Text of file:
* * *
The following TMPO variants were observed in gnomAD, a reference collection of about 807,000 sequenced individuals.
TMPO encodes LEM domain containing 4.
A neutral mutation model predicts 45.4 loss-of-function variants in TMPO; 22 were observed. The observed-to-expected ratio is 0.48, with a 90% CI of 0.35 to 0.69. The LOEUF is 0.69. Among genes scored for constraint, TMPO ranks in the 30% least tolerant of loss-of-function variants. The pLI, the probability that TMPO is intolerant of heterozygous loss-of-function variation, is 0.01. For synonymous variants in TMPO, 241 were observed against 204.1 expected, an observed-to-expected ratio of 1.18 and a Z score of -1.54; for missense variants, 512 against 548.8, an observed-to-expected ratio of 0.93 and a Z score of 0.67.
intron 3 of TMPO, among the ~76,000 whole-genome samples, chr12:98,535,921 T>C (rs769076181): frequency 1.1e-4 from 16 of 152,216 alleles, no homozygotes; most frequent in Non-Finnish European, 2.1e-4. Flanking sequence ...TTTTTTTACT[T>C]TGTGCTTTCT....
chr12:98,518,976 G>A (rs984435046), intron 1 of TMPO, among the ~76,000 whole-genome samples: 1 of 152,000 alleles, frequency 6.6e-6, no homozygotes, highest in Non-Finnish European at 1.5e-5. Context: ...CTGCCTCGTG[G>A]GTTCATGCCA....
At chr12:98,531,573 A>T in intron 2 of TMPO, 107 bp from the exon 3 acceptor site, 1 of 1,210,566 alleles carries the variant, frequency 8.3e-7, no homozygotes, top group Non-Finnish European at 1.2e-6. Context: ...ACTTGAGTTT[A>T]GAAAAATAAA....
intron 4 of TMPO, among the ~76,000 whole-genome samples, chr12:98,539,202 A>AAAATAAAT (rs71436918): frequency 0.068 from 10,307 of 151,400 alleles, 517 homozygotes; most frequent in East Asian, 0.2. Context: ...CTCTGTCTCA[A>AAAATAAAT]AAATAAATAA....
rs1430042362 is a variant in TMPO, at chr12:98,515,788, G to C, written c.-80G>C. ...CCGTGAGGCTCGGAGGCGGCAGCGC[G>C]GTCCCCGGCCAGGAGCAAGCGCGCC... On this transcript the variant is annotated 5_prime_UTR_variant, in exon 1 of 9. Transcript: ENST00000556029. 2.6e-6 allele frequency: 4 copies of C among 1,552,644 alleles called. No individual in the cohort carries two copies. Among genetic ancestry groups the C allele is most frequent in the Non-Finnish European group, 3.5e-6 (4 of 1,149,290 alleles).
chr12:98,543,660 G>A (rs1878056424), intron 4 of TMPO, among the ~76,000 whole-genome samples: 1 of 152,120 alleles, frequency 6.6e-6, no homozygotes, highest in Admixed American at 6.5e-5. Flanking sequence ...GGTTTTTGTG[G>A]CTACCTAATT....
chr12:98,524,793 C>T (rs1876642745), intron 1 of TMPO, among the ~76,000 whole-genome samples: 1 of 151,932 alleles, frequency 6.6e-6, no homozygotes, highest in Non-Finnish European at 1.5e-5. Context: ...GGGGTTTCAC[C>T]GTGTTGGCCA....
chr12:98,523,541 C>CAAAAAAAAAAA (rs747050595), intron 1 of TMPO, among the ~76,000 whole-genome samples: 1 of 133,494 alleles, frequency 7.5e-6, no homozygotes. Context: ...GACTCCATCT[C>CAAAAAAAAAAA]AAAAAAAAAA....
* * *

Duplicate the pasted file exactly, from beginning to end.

The following TMPO variants were observed in gnomAD, a reference collection of about 807,000 sequenced individuals.
TMPO encodes LEM domain containing 4.
A neutral mutation model predicts 45.4 loss-of-function variants in TMPO; 22 were observed. The observed-to-expected ratio is 0.48, with a 90% CI of 0.35 to 0.69. The LOEUF is 0.69. Among genes scored for constraint, TMPO ranks in the 30% least tolerant of loss-of-function variants. The pLI, the probability that TMPO is intolerant of heterozygous loss-of-function variation, is 0.01. For synonymous variants in TMPO, 241 were observed against 204.1 expected, an observed-to-expected ratio of 1.18 and a Z score of -1.54; for missense variants, 512 against 548.8, an observed-to-expected ratio of 0.93 and a Z score of 0.67.
intron 3 of TMPO, among the ~76,000 whole-genome samples, chr12:98,535,921 T>C (rs769076181): frequency 1.1e-4 from 16 of 152,216 alleles, no homozygotes; most frequent in Non-Finnish European, 2.1e-4. Flanking sequence ...TTTTTTTACT[T>C]TGTGCTTTCT....
chr12:98,518,976 G>A (rs984435046), intron 1 of TMPO, among the ~76,000 whole-genome samples: 1 of 152,000 alleles, frequency 6.6e-6, no homozygotes, highest in Non-Finnish European at 1.5e-5. Context: ...CTGCCTCGTG[G>A]GTTCATGCCA....
At chr12:98,531,573 A>T in intron 2 of TMPO, 107 bp from the exon 3 acceptor site, 1 of 1,210,566 alleles carries the variant, frequency 8.3e-7, no homozygotes, top group Non-Finnish European at 1.2e-6. Context: ...ACTTGAGTTT[A>T]GAAAAATAAA....
intron 4 of TMPO, among the ~76,000 whole-genome samples, chr12:98,539,202 A>AAAATAAAT (rs71436918): frequency 0.068 from 10,307 of 151,400 alleles, 517 homozygotes; most frequent in East Asian, 0.2. Context: ...CTCTGTCTCA[A>AAAATAAAT]AAATAAATAA....
rs1430042362 is a variant in TMPO, at chr12:98,515,788, G to C, written c.-80G>C. ...CCGTGAGGCTCGGAGGCGGCAGCGC[G>C]GTCCCCGGCCAGGAGCAAGCGCGCC... On this transcript the variant is annotated 5_prime_UTR_variant, in exon 1 of 9. Transcript: ENST00000556029. 2.6e-6 allele frequency: 4 copies of C among 1,552,644 alleles called. No individual in the cohort carries two copies. Among genetic ancestry groups the C allele is most frequent in the Non-Finnish European group, 3.5e-6 (4 of 1,149,290 alleles).
chr12:98,543,660 G>A (rs1878056424), intron 4 of TMPO, among the ~76,000 whole-genome samples: 1 of 152,120 alleles, frequency 6.6e-6, no homozygotes, highest in Admixed American at 6.5e-5. Flanking sequence ...GGTTTTTGTG[G>A]CTACCTAATT....
chr12:98,524,793 C>T (rs1876642745), intron 1 of TMPO, among the ~76,000 whole-genome samples: 1 of 151,932 alleles, frequency 6.6e-6, no homozygotes, highest in Non-Finnish European at 1.5e-5. Context: ...GGGGTTTCAC[C>T]GTGTTGGCCA....
chr12:98,523,541 C>CAAAAAAAAAAA (rs747050595), intron 1 of TMPO, among the ~76,000 whole-genome samples: 1 of 133,494 alleles, frequency 7.5e-6, no homozygotes. Context: ...GACTCCATCT[C>CAAAAAAAAAAA]AAAAAAAAAA....